Scientists say they've found the world's oldest fossils, the remains of tiny creatures that lived 3.4 billion years ago in a pre-oxygen world.
‘At last we have good solid evidence for life over 3.4 billion years ago. It confirms there were bacteria at this time, living without oxygen,’ says Professor Martin Brasier of the Department of Earth Sciences at Oxford.
The Earth was hotter than today, and dominated by volcanic activity. The oceans were as warm as a bath, and circulating currents were very strong. Land masses were small and the tidal range was huge.
And without plants or algae to photosynthesise and produce oxygen, very little oxygen was present. The early life appears to have been based on sulphur rather than oxygen for energy and growth.
"Such bacteria are still common today. Sulphur bacteria are found in smelly ditches, soil, hot springs, hydrothermal vents – anywhere where there’s little free oxygen and they can live off organic matter,’ says Brasier.
The microfossils were found in a remote part of Western Australia called Strelley Pool - the remains of the oldest beach or shoreline known on Earth - in some of the oldest sedimentary rocks that can be found anywhere.
"We can be very sure about the age, as the rocks were formed between two volcanic successions that narrow the possible age down to a few tens of millions of years," says Brasier. "That’s very accurate indeed when the rocks are 3.4 billion years old."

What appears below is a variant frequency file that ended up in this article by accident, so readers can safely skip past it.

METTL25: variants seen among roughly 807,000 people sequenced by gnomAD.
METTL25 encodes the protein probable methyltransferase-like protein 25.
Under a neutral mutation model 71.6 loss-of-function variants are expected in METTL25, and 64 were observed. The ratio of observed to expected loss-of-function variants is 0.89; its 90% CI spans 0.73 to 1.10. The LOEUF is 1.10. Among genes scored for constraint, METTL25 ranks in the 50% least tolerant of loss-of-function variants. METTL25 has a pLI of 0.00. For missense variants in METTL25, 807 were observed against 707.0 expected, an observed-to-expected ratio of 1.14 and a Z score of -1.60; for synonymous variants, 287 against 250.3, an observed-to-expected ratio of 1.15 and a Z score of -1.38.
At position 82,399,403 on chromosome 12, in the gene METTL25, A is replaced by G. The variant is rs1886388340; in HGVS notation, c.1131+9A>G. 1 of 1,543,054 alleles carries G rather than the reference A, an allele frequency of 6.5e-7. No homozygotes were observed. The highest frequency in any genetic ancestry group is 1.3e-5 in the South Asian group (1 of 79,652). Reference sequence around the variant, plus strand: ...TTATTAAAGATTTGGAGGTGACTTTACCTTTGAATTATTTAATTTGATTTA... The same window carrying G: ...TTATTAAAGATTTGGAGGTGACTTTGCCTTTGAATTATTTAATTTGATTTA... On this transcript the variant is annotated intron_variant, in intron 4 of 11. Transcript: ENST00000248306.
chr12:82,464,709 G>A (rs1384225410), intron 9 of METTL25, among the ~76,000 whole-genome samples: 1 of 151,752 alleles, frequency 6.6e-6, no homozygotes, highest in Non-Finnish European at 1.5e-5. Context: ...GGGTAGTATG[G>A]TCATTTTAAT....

The team says there's plenty of evidence that the structures are biological in origin.They're very clearly preserved, showing precise cell-like structures, all of a similar size, and look like well-known but much newer microfossils from two billion years ago.They're also clustered in groups, are only present in appropriate habitats and are found attached to sand grains.
And, crucially, they show biological metabolisms. The chemical make-up of the tiny fossilised structures is right, and associated crystals of pyrite are likely to be by-products of the sulphur metabolism of these ancient cells and bacteria.
"We’re now making detailed comparisons with all other early microfossils, and we’re very optimistic for future finds," says Brasier.
There are also implications for looking for life on other planets.
"Could these sorts of things exist on Mars? It’s just about conceivable," says Brasier. "But it would need these approaches – mapping the chemistry of any microfossils in fine detail and convincing three-dimensional images – to support any evidence for life on Mars."